Basic knowledge: The Blockchain – simply explained

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Lately you can't get around them: the Blockchain. In many places it is considered the technology of the future. More and more areas of application are appearing on the scene. But how does it actually work? Don't worry: Despite all its complexity, its basic features are not that difficult to understand.

Blockchain as antithesis to the cloud

The block chain is a network, usually within the Internet. It can also be used in an intranet. It can be seen as an antithesis to the cloud. Information is not stored somewhere on a server, but locally on all computers in the network - keyword: decentralized. This is also the reason why the technology is considered to be particularly secure: In order to falsify information, not a server would have to be hacked, but every single computer in the block chain. Therefore, the network must reach a "critical mass" of users in order to be truly secure. After all, 50 computers could still be hacked individually. With 50,000 computers, however, the attempt seems hopeless.

But how is the information stored? What is a block? And why "chain"?

Table with three columns Very simplified one can imagine a block as an Excel table. Of course it is not, but the architecture is not dissimilar. In the case of crypto-currencies like Bitcoin, this table has three essential columns: "User A", "User B" and "transferred amount X". One of the users on the network now transfers a certain Bitcoin amount to another - this happens directly, from machine to machine. In the table this is now entered anonymously. The table can be found on all computers in the network. This means that all other users automatically keep records of the transaction. This confirms that it has actually taken place. The block: "Full" table is sealed Every transfer that is made within the network is entered in the table and it fills up line by line. As you know from Excel tables, the loading time increases with the size of the table. It cannot therefore continue indefinitely. For this reason, it is closed, sealed and stored at a certain size. A finished block is created. After one block is completed and sealed, the next one is started. A chain of blocks is created - Voilá: the block chain.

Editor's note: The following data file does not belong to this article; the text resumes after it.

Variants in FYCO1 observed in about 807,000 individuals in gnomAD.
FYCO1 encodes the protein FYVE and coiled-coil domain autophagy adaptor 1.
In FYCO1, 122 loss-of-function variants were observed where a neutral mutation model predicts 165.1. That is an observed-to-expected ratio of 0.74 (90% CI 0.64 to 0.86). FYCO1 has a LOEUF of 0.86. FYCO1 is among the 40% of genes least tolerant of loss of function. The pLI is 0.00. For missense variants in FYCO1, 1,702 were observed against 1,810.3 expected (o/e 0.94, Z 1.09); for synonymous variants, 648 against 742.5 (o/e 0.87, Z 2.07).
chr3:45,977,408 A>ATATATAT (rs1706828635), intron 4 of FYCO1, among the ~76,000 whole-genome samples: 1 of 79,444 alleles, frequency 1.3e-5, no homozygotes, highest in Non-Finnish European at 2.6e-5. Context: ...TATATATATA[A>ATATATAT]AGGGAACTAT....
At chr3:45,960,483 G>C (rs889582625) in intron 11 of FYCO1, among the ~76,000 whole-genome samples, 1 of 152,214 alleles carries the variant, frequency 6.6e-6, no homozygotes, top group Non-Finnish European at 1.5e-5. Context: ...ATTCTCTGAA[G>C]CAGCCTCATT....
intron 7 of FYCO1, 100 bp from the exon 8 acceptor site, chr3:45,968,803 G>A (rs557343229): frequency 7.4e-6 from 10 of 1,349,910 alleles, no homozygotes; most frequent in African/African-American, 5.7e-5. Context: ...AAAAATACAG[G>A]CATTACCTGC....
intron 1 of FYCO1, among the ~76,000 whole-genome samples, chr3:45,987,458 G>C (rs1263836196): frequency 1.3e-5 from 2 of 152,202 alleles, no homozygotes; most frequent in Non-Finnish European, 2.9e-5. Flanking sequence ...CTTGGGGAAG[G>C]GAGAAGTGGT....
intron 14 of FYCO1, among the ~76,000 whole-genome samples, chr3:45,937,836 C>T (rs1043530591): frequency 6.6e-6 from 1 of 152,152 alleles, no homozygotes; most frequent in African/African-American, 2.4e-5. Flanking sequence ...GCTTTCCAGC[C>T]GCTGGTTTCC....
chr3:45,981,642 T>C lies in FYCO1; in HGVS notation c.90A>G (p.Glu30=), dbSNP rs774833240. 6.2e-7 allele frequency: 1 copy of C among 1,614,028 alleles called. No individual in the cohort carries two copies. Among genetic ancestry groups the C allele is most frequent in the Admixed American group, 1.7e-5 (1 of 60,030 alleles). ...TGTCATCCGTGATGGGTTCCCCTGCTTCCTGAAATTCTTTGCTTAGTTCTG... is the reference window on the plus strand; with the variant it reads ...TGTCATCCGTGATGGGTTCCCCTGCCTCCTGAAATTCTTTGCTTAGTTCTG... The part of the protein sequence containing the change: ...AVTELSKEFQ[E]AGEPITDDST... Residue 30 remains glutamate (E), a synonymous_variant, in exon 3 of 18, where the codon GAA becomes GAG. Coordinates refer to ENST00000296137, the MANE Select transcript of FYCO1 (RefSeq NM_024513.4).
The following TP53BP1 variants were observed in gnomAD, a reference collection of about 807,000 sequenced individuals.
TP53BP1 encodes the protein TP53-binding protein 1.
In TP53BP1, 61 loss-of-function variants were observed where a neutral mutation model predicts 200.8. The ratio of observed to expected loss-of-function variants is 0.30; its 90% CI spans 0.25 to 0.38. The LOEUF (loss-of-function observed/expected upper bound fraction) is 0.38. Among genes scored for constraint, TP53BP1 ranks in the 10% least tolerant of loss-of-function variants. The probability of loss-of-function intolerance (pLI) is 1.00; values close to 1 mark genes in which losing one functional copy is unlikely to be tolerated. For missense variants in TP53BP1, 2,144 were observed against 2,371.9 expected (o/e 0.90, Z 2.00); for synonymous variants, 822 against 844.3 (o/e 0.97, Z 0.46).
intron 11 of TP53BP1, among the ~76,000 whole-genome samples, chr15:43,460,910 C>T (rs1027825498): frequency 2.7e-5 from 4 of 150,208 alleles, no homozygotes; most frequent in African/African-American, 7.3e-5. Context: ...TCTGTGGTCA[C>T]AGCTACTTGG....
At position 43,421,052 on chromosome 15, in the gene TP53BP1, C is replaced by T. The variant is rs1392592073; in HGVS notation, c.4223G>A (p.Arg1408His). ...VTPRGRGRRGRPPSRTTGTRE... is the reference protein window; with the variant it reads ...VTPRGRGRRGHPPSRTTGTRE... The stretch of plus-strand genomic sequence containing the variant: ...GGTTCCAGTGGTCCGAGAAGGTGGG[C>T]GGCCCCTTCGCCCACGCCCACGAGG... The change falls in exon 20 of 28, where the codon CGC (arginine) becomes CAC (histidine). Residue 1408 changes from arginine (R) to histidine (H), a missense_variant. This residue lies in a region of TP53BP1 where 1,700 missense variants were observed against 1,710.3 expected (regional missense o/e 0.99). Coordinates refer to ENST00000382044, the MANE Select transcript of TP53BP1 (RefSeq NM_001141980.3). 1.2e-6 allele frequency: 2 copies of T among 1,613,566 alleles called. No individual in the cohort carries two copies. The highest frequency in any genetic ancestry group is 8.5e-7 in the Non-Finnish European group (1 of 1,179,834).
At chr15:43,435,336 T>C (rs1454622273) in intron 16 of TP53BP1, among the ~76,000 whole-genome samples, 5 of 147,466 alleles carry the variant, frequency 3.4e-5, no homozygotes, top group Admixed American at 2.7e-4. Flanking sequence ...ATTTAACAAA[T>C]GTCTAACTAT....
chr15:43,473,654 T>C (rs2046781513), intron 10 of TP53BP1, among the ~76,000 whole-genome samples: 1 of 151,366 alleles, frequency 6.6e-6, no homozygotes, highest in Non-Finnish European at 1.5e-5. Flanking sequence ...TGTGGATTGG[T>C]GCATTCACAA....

Hardware wallet as protection against coin theft

There is a weak point in the wallet on your own computer or on the individual server: While the transactions cannot be falsified by the mass of users in the block chain (at least in theory), the security of the coins on the home computer or server of the provider itself must be guaranteed. In concrete terms, there is a so-called "private key" for access - a code that must be protected. There are some known cases of coin theft by hackers. Local storage, however, makes it possible to "store" one's money outside the network access - on a so-called "hardware wallet". This is usually nothing more than a USB stick with special wallet software. And at the end of the day you have a physically available wallet again.

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